Microsoft and the European Commission (EC) appear to be at odds on how best to tackle the bundling of Internet Explorer (IE) in new Windows installations.
The debate rolls on, and Microsoft seems to gain more opponents with each fresh announcement. Analysts, meanwhile, have been considering what it all means to the end user.
"Obviously Microsoft wants people to continue to default to IE, and by extension to Bing and Windows Media Player, just as Google wants Safari and Firefox users to default to Google.com. It is all about increasing revenues on those search engines," said Mike Davis, senior analyst at Ovum.
"With the decoupling of Windows 7 and IE, Microsoft is actually adding a barrier to the adoption of Firefox, Safari or even Opera, because none of these is intended to ship via physical media on masse, as that is a production cost and the user needs to use a preinstalled browser to access and download them.
"So PC manufacturers will be putting on their specifications 'Comes with IE' or, if they want to reduce their margins (unless they are being subsidised like Apple by Google), 'Please choose your desired browser'. I am pretty sure we are going to see more of the former."
Davis said that the 'ballot screen' option being considered could actually create more controversy and complication in the long run.
"A ballot screen is a nice compromise. But remembering that this is all about advertising revenues that can be raised from internet search, I am sure Microsoft would have justification in arguing that Chrome and Safari should also have a ballot screen enabling Bing to be the default search engine, and Mac OS X to have a ballot screen enabling Windows Media Player to be the default media engine," he explained.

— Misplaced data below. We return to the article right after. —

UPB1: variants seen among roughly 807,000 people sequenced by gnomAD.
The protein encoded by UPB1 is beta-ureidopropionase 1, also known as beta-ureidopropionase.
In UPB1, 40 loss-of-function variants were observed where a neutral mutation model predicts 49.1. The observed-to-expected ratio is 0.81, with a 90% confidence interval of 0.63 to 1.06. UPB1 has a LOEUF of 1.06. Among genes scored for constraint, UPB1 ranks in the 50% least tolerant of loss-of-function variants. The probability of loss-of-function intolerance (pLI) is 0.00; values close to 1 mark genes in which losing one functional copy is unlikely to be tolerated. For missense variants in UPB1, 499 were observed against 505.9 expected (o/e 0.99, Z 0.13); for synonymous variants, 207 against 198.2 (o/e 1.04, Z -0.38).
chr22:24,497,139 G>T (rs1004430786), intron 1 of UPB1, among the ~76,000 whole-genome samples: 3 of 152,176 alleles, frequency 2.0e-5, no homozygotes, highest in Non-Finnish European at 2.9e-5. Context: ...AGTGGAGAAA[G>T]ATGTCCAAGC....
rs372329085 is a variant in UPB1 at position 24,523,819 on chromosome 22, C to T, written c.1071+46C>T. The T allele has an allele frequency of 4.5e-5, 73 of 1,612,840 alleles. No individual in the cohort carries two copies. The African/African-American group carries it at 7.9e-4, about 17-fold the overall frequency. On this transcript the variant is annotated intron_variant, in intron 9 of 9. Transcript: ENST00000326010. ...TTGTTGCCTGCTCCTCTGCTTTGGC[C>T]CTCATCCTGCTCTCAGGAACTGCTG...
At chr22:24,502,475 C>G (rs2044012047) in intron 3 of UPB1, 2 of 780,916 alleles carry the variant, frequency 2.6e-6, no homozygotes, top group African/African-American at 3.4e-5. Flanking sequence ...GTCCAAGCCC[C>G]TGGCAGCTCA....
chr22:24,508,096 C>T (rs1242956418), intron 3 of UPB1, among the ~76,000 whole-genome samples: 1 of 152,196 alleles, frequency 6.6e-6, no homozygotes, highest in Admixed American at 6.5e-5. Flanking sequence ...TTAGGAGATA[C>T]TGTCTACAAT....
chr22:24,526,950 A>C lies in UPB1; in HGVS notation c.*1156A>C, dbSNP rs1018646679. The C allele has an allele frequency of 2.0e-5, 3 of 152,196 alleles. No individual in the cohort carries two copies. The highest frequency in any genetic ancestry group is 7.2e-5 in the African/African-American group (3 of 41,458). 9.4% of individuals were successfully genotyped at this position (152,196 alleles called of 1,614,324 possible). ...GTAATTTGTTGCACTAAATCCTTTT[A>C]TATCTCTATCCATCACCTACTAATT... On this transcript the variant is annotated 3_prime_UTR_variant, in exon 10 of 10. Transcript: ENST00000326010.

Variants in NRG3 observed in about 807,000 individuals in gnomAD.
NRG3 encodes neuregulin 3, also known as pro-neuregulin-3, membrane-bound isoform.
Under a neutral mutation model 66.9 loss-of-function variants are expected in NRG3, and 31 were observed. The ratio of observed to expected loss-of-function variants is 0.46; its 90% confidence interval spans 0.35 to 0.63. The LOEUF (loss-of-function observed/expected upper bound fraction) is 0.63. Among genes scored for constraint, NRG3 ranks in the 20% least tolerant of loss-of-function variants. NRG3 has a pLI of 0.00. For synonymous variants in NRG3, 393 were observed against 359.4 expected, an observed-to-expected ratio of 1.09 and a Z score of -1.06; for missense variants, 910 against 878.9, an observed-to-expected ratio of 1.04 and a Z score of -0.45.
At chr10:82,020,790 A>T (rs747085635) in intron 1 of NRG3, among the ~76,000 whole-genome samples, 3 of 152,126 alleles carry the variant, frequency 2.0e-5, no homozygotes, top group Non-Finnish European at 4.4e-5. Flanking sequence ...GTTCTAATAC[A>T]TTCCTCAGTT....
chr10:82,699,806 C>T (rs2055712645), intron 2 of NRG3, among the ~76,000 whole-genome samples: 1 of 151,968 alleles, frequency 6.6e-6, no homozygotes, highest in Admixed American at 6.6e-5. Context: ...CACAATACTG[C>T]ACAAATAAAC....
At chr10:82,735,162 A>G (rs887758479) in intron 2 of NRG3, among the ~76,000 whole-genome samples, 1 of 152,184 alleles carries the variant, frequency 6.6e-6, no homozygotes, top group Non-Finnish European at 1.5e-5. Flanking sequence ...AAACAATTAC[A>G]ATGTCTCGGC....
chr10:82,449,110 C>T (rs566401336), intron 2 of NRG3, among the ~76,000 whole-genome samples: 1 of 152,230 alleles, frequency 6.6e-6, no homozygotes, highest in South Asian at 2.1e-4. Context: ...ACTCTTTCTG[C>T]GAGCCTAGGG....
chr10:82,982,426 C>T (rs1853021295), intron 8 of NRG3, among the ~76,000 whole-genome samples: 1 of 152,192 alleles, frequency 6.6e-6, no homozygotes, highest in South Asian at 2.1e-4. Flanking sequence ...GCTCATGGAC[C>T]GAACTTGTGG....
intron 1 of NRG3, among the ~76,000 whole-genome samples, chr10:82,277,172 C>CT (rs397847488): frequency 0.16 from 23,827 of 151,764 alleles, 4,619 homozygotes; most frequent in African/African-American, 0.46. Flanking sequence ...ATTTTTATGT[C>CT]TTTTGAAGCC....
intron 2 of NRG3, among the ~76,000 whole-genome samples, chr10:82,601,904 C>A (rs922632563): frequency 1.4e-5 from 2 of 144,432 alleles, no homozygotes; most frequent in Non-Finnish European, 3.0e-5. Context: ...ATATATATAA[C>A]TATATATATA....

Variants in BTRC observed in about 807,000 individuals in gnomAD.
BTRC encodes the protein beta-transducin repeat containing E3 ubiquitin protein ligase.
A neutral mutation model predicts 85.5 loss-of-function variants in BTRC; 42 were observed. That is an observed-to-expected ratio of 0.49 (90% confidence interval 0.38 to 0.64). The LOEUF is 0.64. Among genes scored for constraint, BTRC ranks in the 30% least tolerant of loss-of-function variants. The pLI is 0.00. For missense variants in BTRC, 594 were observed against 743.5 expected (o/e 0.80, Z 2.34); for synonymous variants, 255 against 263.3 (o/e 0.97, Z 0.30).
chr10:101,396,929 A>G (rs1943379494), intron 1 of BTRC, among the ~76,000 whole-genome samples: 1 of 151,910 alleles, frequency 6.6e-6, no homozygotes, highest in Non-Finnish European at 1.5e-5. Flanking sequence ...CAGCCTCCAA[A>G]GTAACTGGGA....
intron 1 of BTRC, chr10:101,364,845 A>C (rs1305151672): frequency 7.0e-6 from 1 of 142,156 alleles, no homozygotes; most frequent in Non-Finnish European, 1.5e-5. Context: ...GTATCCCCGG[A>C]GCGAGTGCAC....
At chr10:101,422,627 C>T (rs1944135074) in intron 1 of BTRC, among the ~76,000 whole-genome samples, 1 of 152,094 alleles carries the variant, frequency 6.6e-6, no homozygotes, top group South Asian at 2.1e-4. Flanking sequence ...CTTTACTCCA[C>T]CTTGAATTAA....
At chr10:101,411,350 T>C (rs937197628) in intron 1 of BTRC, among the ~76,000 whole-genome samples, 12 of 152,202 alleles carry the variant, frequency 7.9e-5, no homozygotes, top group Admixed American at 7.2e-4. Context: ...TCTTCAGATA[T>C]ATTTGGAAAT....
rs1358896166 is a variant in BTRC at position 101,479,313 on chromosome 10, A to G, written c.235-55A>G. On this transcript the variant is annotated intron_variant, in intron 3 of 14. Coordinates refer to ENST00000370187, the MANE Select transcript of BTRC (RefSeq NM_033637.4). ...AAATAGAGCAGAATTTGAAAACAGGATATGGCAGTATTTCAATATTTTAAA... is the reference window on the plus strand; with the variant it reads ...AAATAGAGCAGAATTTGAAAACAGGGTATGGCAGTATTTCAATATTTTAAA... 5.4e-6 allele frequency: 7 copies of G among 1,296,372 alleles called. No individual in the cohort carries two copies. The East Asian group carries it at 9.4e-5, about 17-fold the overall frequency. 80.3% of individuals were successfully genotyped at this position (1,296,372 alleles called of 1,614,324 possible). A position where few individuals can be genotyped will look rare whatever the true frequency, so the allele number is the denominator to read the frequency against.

"And if Android becomes the default netbook operating system, is it going to have a ballot box for IE selection?", Davis added.
Rob Bamforth, principal analyst for communication, collaboration and convergence at Quocirca, suggested that it is perhaps businesses that will benefit most from having as many options as possible when selecting an operating system and its browser.
"There are differences between the business community and consumers. While consumers will (in the main) accept what browser they get with the box, business systems are re-cut with the corporate standard install, which may change operating system, let alone browser," he said. "So for this community, and the vendors supplying them with PCs, it matters far less."
Bamforth also suggested that the consumer market may not actually benefit from such complexity.
"Those selling to consumers will want to keep it simple, especially in the netbook domain, so 'installed and ready to go' would probably be their preference, rather than user ballots," he said.
"After all, what use is a ballot when you can't really understand the difference between the options, or what impact your choice will make?"
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